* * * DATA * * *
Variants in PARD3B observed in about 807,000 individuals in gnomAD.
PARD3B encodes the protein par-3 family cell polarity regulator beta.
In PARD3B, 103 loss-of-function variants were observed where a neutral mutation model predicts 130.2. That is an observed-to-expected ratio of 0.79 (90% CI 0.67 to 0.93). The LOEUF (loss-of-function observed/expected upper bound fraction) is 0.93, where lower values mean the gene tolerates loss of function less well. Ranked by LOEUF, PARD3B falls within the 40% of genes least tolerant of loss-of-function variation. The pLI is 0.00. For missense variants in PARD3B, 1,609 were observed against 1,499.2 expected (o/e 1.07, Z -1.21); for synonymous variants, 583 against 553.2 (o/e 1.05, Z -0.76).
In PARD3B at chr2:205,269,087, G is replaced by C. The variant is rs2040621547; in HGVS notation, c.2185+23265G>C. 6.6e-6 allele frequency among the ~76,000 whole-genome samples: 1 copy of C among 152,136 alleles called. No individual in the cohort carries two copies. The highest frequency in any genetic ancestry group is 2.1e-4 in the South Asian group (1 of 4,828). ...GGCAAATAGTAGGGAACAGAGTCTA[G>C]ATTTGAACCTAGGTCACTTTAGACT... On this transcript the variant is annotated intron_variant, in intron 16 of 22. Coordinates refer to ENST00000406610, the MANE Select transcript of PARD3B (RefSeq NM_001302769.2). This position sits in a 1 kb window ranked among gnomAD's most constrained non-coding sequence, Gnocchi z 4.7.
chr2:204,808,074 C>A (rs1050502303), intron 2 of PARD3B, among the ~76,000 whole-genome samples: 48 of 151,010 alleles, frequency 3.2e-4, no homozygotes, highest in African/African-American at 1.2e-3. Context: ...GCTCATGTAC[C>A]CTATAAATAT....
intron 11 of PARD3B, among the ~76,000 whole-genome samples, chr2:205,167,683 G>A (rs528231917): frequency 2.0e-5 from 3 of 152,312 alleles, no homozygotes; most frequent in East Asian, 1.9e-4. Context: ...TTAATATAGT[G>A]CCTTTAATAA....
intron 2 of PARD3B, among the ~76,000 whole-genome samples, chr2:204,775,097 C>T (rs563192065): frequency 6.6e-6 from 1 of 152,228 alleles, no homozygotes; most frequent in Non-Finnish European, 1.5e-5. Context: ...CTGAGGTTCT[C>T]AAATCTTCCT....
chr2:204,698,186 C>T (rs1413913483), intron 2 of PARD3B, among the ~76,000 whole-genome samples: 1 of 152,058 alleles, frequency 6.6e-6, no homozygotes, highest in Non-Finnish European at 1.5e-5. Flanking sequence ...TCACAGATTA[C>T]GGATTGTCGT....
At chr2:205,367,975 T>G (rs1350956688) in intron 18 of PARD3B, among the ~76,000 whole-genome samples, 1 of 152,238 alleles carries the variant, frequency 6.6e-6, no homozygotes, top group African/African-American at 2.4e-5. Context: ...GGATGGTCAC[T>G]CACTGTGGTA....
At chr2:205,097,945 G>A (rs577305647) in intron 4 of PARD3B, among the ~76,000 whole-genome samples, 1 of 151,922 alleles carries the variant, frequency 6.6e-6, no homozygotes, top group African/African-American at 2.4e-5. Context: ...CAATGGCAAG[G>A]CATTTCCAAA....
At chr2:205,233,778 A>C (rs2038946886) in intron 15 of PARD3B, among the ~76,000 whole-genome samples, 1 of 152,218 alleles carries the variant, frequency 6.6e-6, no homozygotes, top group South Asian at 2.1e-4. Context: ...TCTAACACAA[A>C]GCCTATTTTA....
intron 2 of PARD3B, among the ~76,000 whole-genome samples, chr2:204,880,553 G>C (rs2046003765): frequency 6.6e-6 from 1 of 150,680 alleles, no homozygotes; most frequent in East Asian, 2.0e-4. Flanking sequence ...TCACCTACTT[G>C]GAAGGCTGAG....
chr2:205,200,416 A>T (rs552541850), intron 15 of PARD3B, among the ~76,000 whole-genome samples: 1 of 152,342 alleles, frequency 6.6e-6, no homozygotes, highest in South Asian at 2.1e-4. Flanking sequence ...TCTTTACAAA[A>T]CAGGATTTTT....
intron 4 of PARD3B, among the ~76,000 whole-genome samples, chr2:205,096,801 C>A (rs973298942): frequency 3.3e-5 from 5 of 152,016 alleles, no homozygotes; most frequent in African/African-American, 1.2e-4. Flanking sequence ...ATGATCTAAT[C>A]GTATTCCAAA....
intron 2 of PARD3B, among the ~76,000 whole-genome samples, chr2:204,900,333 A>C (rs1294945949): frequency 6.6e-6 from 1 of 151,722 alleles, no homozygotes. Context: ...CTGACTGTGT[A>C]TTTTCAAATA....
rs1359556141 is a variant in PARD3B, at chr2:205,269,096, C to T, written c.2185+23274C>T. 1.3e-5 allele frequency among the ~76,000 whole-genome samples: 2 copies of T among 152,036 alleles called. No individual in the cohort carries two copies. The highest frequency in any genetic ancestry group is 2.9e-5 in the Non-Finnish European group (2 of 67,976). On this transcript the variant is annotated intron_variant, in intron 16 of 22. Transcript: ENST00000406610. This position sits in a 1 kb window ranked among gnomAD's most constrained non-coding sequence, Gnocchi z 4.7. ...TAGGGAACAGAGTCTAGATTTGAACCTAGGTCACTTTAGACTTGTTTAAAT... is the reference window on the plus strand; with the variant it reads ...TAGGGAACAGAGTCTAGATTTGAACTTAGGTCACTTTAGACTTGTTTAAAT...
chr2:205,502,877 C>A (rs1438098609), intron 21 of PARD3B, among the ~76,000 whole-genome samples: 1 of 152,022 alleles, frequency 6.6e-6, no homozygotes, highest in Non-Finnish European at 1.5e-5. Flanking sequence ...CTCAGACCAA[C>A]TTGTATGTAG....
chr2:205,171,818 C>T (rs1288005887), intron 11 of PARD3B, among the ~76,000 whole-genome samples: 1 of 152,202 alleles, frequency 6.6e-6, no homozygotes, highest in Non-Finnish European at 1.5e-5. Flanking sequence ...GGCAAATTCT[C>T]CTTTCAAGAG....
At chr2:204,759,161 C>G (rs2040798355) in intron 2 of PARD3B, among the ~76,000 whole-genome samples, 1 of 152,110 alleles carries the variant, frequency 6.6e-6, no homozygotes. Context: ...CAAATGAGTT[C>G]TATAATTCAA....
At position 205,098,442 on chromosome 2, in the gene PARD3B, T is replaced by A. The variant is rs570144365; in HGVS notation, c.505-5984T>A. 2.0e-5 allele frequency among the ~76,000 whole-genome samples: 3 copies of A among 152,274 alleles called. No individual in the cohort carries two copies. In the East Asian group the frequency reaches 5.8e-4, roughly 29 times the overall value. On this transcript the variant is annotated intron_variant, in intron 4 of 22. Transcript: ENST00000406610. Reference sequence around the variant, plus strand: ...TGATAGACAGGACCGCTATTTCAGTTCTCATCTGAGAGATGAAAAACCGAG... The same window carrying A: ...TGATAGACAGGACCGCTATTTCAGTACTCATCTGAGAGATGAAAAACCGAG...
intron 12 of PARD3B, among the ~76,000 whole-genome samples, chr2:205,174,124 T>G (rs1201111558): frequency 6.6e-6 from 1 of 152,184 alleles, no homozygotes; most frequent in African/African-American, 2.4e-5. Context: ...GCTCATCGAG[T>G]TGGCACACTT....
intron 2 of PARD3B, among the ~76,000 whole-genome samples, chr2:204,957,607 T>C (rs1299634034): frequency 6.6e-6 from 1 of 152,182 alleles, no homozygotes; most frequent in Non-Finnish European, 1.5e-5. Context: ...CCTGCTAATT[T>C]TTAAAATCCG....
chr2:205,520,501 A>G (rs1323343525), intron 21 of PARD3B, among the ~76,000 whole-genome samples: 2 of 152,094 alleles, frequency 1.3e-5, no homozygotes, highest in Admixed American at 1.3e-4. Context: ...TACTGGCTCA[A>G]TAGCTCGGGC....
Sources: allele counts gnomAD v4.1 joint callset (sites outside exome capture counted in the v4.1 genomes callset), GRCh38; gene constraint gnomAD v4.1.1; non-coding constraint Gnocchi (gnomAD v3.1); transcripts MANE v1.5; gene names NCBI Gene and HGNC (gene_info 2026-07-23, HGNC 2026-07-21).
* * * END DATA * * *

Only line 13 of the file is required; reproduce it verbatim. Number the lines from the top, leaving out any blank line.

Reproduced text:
chr2:205,200,416 A>T (rs552541850), intron 15 of PARD3B, among the ~76,000 whole-genome samples: 1 of 152,342 alleles, frequency 6.6e-6, no homozygotes, highest in South Asian at 2.1e-4. Flanking sequence ...TCTTTACAAA[A>T]CAGGATTTTT....